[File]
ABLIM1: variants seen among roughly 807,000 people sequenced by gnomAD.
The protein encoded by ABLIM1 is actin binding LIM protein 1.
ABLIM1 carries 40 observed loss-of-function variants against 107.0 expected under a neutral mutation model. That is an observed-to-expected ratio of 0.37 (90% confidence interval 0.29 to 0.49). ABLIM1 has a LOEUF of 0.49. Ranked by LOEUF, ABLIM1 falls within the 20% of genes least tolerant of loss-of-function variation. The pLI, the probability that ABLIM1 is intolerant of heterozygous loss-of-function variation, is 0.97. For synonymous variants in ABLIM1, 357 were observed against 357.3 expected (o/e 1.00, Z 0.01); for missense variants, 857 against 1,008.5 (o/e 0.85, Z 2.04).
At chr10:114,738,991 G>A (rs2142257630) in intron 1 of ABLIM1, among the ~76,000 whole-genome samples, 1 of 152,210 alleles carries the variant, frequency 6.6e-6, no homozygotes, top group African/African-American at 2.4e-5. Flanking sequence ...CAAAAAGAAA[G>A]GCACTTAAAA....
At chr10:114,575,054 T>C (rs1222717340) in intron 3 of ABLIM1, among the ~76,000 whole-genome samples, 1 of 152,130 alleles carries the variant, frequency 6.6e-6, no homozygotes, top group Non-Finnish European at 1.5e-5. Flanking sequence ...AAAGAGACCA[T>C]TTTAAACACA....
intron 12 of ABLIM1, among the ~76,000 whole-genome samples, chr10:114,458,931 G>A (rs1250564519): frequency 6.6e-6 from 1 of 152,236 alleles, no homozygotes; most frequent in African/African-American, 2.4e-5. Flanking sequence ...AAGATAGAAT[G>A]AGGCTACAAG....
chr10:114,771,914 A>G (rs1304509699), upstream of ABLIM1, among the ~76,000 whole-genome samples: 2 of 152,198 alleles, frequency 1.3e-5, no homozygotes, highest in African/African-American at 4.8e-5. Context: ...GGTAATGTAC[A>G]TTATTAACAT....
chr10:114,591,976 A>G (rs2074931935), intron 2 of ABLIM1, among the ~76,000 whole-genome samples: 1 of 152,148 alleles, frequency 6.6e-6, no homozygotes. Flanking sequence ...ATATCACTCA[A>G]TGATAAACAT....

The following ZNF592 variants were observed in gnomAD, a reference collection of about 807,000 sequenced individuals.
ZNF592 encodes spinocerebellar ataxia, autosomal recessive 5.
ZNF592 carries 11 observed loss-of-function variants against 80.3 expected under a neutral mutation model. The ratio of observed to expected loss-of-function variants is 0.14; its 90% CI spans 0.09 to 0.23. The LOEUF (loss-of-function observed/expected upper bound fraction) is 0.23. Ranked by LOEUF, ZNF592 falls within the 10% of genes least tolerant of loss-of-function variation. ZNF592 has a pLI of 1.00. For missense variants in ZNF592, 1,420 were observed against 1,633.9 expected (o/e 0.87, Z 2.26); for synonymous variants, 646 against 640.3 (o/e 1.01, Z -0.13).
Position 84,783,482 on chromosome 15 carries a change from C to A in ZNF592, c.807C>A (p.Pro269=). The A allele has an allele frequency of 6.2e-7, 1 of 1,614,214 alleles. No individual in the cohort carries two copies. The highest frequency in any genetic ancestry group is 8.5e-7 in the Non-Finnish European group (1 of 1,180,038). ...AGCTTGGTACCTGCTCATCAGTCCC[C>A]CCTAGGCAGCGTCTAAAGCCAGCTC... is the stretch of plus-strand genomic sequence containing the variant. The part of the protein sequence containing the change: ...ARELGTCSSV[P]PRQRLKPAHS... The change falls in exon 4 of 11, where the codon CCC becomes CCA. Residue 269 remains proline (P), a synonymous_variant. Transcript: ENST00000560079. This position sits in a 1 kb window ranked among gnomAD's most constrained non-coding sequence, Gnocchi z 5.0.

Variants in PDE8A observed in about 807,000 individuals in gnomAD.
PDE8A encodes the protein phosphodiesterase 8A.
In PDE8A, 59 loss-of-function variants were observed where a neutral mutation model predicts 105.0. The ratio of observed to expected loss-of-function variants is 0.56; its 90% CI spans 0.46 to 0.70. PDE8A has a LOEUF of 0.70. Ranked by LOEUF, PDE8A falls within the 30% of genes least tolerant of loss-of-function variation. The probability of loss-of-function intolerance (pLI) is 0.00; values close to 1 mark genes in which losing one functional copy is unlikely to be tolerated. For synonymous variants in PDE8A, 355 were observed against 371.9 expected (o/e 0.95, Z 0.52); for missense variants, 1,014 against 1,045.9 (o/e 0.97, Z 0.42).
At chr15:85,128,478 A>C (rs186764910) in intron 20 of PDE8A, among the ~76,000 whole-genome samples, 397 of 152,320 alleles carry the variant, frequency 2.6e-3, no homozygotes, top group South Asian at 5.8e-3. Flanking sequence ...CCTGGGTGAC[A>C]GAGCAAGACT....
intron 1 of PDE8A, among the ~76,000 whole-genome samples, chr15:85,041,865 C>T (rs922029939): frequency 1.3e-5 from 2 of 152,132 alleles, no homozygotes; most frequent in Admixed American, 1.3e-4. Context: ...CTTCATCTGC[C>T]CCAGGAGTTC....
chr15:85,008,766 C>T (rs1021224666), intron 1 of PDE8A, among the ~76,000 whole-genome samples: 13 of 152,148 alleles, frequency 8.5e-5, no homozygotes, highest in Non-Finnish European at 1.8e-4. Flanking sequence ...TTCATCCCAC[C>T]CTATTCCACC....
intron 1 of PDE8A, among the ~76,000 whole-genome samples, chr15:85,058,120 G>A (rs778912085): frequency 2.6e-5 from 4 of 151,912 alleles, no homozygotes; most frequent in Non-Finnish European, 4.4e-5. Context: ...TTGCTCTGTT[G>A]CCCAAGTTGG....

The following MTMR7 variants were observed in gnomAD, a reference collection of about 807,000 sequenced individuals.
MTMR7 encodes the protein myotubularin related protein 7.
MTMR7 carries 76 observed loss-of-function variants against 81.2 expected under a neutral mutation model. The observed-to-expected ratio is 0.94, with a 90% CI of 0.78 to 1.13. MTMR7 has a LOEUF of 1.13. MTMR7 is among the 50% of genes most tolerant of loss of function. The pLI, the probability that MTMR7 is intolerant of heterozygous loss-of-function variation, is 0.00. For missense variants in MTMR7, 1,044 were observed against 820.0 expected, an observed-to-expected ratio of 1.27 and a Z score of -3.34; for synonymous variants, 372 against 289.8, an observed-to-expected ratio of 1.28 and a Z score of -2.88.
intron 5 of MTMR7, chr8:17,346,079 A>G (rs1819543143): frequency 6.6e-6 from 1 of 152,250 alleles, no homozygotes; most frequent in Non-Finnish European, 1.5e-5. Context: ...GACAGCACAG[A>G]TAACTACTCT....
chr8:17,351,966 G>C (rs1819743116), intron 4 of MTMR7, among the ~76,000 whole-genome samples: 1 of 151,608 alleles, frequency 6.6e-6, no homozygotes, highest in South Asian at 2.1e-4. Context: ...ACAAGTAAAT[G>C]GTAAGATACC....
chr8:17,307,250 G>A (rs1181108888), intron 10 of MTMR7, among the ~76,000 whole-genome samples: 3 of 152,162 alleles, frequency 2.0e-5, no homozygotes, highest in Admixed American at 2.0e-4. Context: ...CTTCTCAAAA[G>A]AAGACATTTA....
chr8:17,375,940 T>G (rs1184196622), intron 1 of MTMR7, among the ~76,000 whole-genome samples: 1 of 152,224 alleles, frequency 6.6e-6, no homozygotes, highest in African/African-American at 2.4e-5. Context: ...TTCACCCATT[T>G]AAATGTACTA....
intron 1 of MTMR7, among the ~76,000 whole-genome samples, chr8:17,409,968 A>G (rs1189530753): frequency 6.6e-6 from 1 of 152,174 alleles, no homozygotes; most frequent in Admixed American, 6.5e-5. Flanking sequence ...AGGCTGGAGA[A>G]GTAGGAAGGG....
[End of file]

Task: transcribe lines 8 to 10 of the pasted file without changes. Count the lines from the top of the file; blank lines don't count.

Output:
chr10:114,591,976 A>G (rs2074931935), intron 2 of ABLIM1, among the ~76,000 whole-genome samples: 1 of 152,148 alleles, frequency 6.6e-6, no homozygotes. Flanking sequence ...ATATCACTCA[A>G]TGATAAACAT....

The following ZNF592 variants were observed in gnomAD, a reference collection of about 807,000 sequenced individuals.
ZNF592 encodes spinocerebellar ataxia, autosomal recessive 5.